“I never quite figured you the sort to march in the street, angel,” said Crowley. “Me, yes, I’ve been in any number of revolutions, though I did try to skip the French one,” he gave Aziraphale a wink. “But it’s not really your thing, is it?”
“The Tadfield Pride march isn’t a revolution, my dear. And I feel a certain kinship, you know. Quite a lot of them come closer than most humans to understanding how an angel or a demon can be neither man nor woman, even if we happen to look that way. And others, well… Surely you can feel a certain…sympathy for people who’ve been told by the powers that be that their love is impossible?”
“I, well, I mean…” Crowley hemmed and hawed with an adorable blush, and Aziraphale smiled. He knew Crowley wasn’t good about discussing these things. Indeed, he’d brought it up at least half to tease the demon. But it was true all the same.
“So you wanted your new outfit to wear to a pride march? Isn’t it a bit subdued for that?”
“You’re quite free to wear rainbow if you like, Crowley.”
That was worth it just for the expression on Crowley’s face. “Yeah, I’ll pass on that. Though I suppose I might get a flag pin or something. They have lots these days.”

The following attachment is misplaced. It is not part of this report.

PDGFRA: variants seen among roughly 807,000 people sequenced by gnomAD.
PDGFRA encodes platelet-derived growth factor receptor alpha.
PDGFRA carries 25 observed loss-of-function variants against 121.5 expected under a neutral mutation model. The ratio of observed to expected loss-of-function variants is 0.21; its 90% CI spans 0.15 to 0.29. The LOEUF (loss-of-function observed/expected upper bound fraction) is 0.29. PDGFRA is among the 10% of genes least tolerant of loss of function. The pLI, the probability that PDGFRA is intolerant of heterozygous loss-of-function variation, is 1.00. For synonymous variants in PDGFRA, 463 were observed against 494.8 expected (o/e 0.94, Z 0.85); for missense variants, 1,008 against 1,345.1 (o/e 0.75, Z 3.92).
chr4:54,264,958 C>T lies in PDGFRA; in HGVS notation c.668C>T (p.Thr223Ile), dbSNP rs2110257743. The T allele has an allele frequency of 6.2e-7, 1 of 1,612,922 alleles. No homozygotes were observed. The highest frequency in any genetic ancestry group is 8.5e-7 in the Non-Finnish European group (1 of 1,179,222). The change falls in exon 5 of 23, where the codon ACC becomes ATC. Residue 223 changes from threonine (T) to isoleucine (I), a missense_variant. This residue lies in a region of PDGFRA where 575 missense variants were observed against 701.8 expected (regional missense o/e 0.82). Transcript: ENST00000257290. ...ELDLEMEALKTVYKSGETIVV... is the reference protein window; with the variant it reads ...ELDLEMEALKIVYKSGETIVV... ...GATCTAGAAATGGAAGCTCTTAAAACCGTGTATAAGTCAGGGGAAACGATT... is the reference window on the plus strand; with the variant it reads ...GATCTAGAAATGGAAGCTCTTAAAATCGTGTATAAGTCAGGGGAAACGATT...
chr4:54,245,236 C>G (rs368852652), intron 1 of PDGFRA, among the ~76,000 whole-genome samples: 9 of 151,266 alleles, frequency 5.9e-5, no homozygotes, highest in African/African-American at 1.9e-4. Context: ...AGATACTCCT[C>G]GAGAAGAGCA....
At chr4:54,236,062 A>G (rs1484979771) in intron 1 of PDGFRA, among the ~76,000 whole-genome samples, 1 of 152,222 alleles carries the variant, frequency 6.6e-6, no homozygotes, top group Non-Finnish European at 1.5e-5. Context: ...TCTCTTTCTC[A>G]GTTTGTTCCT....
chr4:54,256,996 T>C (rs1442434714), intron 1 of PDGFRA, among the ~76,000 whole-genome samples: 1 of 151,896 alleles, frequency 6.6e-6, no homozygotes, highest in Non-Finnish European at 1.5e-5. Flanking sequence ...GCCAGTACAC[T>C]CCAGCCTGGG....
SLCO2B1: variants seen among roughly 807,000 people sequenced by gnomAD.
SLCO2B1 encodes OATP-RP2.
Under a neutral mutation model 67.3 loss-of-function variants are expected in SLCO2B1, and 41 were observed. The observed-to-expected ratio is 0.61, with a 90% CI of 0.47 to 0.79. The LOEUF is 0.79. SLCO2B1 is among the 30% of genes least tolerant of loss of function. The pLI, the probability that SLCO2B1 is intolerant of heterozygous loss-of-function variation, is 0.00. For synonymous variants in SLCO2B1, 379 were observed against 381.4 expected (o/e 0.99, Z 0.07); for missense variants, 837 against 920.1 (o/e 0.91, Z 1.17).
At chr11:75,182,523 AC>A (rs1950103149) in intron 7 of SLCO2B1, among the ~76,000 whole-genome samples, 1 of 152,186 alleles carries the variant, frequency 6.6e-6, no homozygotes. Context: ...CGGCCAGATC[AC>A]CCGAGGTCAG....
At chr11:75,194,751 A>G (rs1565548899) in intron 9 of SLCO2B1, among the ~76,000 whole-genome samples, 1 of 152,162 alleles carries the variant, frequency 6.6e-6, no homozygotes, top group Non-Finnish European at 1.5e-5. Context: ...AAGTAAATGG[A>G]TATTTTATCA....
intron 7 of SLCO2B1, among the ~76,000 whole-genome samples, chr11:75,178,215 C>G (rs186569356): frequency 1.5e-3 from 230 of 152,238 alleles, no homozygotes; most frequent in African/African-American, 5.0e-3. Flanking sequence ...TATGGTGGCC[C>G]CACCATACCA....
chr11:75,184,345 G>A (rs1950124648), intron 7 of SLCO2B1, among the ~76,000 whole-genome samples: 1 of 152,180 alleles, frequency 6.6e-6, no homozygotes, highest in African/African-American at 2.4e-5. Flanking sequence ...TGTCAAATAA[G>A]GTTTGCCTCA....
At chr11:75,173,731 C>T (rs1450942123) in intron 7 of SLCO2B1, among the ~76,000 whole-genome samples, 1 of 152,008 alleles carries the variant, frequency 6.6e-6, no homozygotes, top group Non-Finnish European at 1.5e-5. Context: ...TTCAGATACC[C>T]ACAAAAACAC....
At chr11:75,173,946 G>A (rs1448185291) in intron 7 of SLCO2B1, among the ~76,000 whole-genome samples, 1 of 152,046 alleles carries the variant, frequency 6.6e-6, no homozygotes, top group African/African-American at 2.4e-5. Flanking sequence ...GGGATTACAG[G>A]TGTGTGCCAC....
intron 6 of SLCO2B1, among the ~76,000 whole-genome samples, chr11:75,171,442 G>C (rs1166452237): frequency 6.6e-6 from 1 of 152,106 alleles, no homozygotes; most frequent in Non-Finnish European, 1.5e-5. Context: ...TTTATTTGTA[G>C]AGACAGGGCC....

“They do, yes. I’m given to understand that there will be booths selling that kind of thing at the event itself, at the end of the march. Or you could miracle up one, if you like.”
“Hmm.” Crowley frowned faintly. Then a small flag-shaped pin in black, white, and gray, with a central stripe of bright green, appeared on his lapel. “There, that’ll do.”
Aziraphale smiled and conjured an eight-banded rainbow in the same shape for his own lapel. “Indeed. I just need to finish my sign, then, and we can be off.”
Crowley blinked. “You made a sign?”
“I like to do things properly, my dear, you know that. It’s very much the done thing to carry a sign when marching in a Pride march. So yes, I made a sign. Not a massive one, but I need to finish coloring in the last bit. It’ll only be a moment.”
“Only for you would I do this, angel. Only for you.”
“Come now! There will be plenty of opportunities to cause mischief at the march, I’m sure. Perhaps I’ll even be able to check off another sin. I’ve gotten three out of seven now, by my count.”
Crowley just shook his head and smiled.
They got to the march just in time, Crowley of course miraculously finding a perfect parking spot for the Bentley despite the pair being among the last arrivals. The atmosphere was festive and cheerful. Groups marching together were organizing themselves behind their banners, while those who were here alone or at least weren’t part of any formal organizations clustered randomly here and there, the march’s organizers gently herding them about.
As humans in bright colors and carrying signs and banners milled around them, Aziraphale noticed something.